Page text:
The Federalist has an editorial policy whereby they use biological sex when referring to transgender people based on their understanding of the science that transgender people as a whole still either have XY or XX in every single cell in their bodies.

The editors at The Federalist changed my paragraph to read:

It takes a pretty stony heart not to shudder at the suicide of 17-year-old Josh Alcorn last year, the transgender young man who threw himself in front of a moving semi to escape the anguish he felt trying to find his place in the world.

I didn't even notice the change until someone pointed it out to me, and probably for those outside the trans community, either pronoun would have passed by unremarkably.

When I contacted The Federalist about the change, they graciously apologized for not informing me of their policy beforehand and offered to take the article down if I disagreed with the language.

I prefer to leave it up and talk about it instead.

I know there are good guys and bad guys out there. I know there are good and bad Christians, good and bad gays, good and bad transgender people, good and bad writers. What I also know is that most of us do the best we can with what we have.

To hearts that are tender to the experience of transgender people, changing Leelah Alcorn's name back to Josh and using the pronoun that she eschewed is experienced painfully, even cruelly.

To editors at an online journal, transgender issues are a minefield, and editorial decisions are not made lightly. With the roster of experts above who disagree with each other, it is not inexplicable that The Federalist would agree with one side while I agree with the other.

As shocked as I was to learn The Federalist had changed my language, I gained so much from the discussions I have had about it with their editor, with Brynn Tannehill and with Zack Ford at ThinkProgress.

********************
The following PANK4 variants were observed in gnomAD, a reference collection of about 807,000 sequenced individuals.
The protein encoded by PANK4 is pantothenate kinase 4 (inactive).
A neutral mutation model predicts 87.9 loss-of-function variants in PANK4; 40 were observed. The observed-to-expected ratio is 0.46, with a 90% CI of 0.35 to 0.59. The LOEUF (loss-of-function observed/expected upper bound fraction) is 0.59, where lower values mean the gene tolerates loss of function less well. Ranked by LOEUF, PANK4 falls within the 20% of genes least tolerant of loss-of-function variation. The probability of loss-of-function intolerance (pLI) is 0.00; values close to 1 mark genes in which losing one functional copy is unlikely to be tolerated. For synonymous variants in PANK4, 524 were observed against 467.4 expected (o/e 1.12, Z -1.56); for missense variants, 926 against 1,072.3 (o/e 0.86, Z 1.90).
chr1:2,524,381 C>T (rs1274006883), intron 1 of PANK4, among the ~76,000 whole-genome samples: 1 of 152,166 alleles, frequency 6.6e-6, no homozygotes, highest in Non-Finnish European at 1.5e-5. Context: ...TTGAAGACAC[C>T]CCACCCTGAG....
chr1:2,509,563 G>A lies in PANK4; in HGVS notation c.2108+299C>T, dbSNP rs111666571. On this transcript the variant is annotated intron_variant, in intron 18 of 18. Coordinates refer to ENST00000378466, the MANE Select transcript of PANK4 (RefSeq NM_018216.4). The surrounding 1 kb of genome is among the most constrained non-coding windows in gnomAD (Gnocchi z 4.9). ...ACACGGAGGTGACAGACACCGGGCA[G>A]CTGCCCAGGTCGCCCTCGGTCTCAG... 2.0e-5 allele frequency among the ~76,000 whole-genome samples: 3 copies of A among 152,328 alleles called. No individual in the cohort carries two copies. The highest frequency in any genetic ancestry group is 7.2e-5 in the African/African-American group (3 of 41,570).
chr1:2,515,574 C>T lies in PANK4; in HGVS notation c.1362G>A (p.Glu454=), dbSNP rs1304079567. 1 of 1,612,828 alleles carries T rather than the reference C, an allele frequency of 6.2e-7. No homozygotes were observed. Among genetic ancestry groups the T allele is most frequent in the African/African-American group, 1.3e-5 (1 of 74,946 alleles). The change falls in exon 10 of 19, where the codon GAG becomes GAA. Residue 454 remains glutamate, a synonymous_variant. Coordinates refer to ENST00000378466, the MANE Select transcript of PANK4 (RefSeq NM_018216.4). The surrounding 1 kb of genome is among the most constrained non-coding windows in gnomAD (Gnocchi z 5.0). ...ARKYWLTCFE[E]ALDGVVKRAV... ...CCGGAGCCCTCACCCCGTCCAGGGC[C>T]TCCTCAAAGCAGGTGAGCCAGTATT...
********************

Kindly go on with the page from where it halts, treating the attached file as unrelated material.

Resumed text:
It's ironic that the whole point of my "Gay People Aren't the Only Ones Hurting" article is that we are all stumbling around, all trying to sift out the complexities of 21st century living hurtling past us. We're all learning, and finding a new normal is excruciating. And "new normal" does not equal unified agreement.

The experts above may continue to disagree until the cows come home. I've diligently reached my position, and it is the position from which I will think, write and speak about being transgender unless and until I learn something that causes me to shift.

I don't think there's a villain here. There is a subject most of us had never heard about 10 years ago, and humans that we are, we learn through trial and error, and painful personal experience.

I consider myself one of the most sensitive, kind, thoughtful, nonjudgmental people on the planet (oh, do go on), and I recently hurt a good friend of mine by being thoughtless about her dad, a transgender woman. It was not my intention to hurt her but because I don't deal with transgender issues in my personal life; it didn't even occur to me that my joke would be hurtful to her family.

So, I cut everyone a little slack. Better, I think, to talk about it than to react. I learned a lot. I offer it up for whatever benefit it may be to anyone else.

Also on HuffPost:

Iconic Transgender Moments